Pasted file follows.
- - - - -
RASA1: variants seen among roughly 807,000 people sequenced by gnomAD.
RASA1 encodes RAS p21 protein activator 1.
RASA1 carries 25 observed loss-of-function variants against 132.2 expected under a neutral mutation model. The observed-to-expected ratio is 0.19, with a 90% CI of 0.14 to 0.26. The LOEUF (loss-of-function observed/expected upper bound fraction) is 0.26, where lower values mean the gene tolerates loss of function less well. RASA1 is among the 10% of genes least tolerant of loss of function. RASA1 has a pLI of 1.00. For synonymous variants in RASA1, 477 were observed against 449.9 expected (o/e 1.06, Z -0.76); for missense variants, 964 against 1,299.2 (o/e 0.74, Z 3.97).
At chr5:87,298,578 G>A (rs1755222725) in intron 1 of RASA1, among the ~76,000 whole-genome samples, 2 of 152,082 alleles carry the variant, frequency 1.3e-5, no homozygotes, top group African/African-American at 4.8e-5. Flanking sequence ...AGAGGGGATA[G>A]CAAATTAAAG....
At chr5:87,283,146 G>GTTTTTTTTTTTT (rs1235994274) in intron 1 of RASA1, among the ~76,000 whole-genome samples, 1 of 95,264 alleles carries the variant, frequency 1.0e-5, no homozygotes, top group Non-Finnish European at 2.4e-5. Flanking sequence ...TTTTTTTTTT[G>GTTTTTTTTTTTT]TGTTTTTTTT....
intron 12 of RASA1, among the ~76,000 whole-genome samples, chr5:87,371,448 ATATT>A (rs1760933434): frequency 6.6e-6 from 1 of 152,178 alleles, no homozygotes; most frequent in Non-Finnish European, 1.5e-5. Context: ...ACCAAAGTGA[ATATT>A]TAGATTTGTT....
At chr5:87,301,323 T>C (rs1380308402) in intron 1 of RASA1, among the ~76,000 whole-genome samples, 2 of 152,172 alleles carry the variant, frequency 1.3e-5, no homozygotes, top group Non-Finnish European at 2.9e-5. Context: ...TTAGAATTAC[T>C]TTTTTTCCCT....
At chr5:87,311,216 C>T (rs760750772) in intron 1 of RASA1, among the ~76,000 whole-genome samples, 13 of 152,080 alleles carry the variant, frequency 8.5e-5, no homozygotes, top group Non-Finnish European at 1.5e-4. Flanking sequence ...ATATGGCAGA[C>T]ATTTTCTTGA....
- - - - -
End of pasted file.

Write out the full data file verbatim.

RASA1: variants seen among roughly 807,000 people sequenced by gnomAD.
RASA1 encodes RAS p21 protein activator 1.
RASA1 carries 25 observed loss-of-function variants against 132.2 expected under a neutral mutation model. The observed-to-expected ratio is 0.19, with a 90% CI of 0.14 to 0.26. The LOEUF (loss-of-function observed/expected upper bound fraction) is 0.26, where lower values mean the gene tolerates loss of function less well. RASA1 is among the 10% of genes least tolerant of loss of function. RASA1 has a pLI of 1.00. For synonymous variants in RASA1, 477 were observed against 449.9 expected (o/e 1.06, Z -0.76); for missense variants, 964 against 1,299.2 (o/e 0.74, Z 3.97).
At chr5:87,298,578 G>A (rs1755222725) in intron 1 of RASA1, among the ~76,000 whole-genome samples, 2 of 152,082 alleles carry the variant, frequency 1.3e-5, no homozygotes, top group African/African-American at 4.8e-5. Flanking sequence ...AGAGGGGATA[G>A]CAAATTAAAG....
At chr5:87,283,146 G>GTTTTTTTTTTTT (rs1235994274) in intron 1 of RASA1, among the ~76,000 whole-genome samples, 1 of 95,264 alleles carries the variant, frequency 1.0e-5, no homozygotes, top group Non-Finnish European at 2.4e-5. Flanking sequence ...TTTTTTTTTT[G>GTTTTTTTTTTTT]TGTTTTTTTT....
intron 12 of RASA1, among the ~76,000 whole-genome samples, chr5:87,371,448 ATATT>A (rs1760933434): frequency 6.6e-6 from 1 of 152,178 alleles, no homozygotes; most frequent in Non-Finnish European, 1.5e-5. Context: ...ACCAAAGTGA[ATATT>A]TAGATTTGTT....
At chr5:87,301,323 T>C (rs1380308402) in intron 1 of RASA1, among the ~76,000 whole-genome samples, 2 of 152,172 alleles carry the variant, frequency 1.3e-5, no homozygotes, top group Non-Finnish European at 2.9e-5. Context: ...TTAGAATTAC[T>C]TTTTTTCCCT....
At chr5:87,311,216 C>T (rs760750772) in intron 1 of RASA1, among the ~76,000 whole-genome samples, 13 of 152,080 alleles carry the variant, frequency 8.5e-5, no homozygotes, top group Non-Finnish European at 1.5e-4. Flanking sequence ...ATATGGCAGA[C>T]ATTTTCTTGA....